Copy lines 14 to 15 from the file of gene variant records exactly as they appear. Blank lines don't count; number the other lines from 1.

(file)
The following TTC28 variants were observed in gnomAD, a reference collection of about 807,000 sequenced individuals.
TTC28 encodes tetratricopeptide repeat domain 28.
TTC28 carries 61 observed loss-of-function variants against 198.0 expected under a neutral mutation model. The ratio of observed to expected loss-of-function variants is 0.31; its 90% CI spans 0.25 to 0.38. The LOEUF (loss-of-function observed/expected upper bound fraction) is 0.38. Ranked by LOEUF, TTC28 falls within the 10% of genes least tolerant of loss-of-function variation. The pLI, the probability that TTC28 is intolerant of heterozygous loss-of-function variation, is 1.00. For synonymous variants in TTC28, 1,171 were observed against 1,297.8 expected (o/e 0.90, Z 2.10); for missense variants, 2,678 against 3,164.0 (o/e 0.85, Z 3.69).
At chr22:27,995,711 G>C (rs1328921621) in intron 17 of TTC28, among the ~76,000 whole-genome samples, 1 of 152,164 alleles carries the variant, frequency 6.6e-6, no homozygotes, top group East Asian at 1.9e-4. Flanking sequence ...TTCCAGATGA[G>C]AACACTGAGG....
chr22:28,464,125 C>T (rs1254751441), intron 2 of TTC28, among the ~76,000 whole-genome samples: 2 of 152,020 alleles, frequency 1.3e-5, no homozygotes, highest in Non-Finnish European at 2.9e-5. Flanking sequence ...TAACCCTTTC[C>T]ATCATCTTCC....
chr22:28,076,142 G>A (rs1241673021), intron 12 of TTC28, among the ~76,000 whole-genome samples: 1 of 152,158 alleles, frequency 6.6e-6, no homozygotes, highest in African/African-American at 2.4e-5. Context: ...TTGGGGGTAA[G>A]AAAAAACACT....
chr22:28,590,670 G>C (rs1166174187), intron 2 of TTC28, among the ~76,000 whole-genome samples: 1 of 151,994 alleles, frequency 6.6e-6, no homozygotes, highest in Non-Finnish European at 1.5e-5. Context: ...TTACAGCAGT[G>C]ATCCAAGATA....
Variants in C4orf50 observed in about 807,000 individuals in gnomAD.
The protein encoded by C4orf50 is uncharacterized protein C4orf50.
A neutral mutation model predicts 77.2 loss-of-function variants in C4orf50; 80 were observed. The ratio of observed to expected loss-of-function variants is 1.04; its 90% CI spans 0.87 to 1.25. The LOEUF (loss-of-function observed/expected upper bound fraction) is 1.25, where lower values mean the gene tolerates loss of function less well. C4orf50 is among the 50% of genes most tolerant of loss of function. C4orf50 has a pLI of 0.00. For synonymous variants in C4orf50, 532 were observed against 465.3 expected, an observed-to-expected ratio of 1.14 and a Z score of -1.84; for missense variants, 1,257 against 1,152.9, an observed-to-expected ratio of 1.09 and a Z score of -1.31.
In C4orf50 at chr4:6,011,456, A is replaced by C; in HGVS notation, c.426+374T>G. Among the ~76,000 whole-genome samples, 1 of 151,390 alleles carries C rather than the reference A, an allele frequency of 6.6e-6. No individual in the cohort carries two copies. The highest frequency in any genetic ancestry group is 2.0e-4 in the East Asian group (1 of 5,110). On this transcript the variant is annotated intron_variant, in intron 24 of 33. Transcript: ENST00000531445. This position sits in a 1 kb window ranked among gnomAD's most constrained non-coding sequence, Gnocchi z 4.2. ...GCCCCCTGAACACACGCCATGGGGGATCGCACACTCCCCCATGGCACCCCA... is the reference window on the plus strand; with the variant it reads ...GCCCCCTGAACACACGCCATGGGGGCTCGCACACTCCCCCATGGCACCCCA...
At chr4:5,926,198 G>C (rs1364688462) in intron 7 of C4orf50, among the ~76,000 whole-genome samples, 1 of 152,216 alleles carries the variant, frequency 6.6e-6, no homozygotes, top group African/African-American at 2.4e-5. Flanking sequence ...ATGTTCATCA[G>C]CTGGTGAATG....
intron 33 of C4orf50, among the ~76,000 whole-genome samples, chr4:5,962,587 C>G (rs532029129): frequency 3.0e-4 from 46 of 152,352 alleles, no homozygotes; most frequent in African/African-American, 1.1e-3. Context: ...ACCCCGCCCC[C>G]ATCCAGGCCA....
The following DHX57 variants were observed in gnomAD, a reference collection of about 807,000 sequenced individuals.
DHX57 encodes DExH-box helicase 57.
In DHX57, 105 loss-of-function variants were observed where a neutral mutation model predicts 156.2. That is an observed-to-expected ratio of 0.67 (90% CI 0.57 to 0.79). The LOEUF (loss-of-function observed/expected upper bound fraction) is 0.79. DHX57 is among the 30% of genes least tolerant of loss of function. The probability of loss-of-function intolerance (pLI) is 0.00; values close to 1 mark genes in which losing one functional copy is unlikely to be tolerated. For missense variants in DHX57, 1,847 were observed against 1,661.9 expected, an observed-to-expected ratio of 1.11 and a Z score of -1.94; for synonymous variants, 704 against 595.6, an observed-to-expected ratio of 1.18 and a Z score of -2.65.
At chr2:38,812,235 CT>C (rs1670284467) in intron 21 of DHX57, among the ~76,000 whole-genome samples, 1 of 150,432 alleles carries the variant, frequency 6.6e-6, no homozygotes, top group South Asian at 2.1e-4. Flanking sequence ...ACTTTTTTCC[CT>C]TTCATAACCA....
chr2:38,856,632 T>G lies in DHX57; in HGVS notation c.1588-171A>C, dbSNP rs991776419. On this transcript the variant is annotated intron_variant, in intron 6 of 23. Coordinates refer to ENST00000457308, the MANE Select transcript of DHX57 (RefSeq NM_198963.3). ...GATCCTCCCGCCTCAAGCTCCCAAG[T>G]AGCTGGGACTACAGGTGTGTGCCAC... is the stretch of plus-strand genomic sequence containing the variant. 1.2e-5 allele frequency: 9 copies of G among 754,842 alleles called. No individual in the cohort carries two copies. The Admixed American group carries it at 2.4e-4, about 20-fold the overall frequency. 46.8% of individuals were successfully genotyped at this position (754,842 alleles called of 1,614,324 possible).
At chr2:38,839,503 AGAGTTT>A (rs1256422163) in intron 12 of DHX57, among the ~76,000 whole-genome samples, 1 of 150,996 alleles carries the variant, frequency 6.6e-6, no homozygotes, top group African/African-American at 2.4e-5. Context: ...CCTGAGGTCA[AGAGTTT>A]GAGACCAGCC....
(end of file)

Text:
The following DHX57 variants were observed in gnomAD, a reference collection of about 807,000 sequenced individuals.
DHX57 encodes DExH-box helicase 57.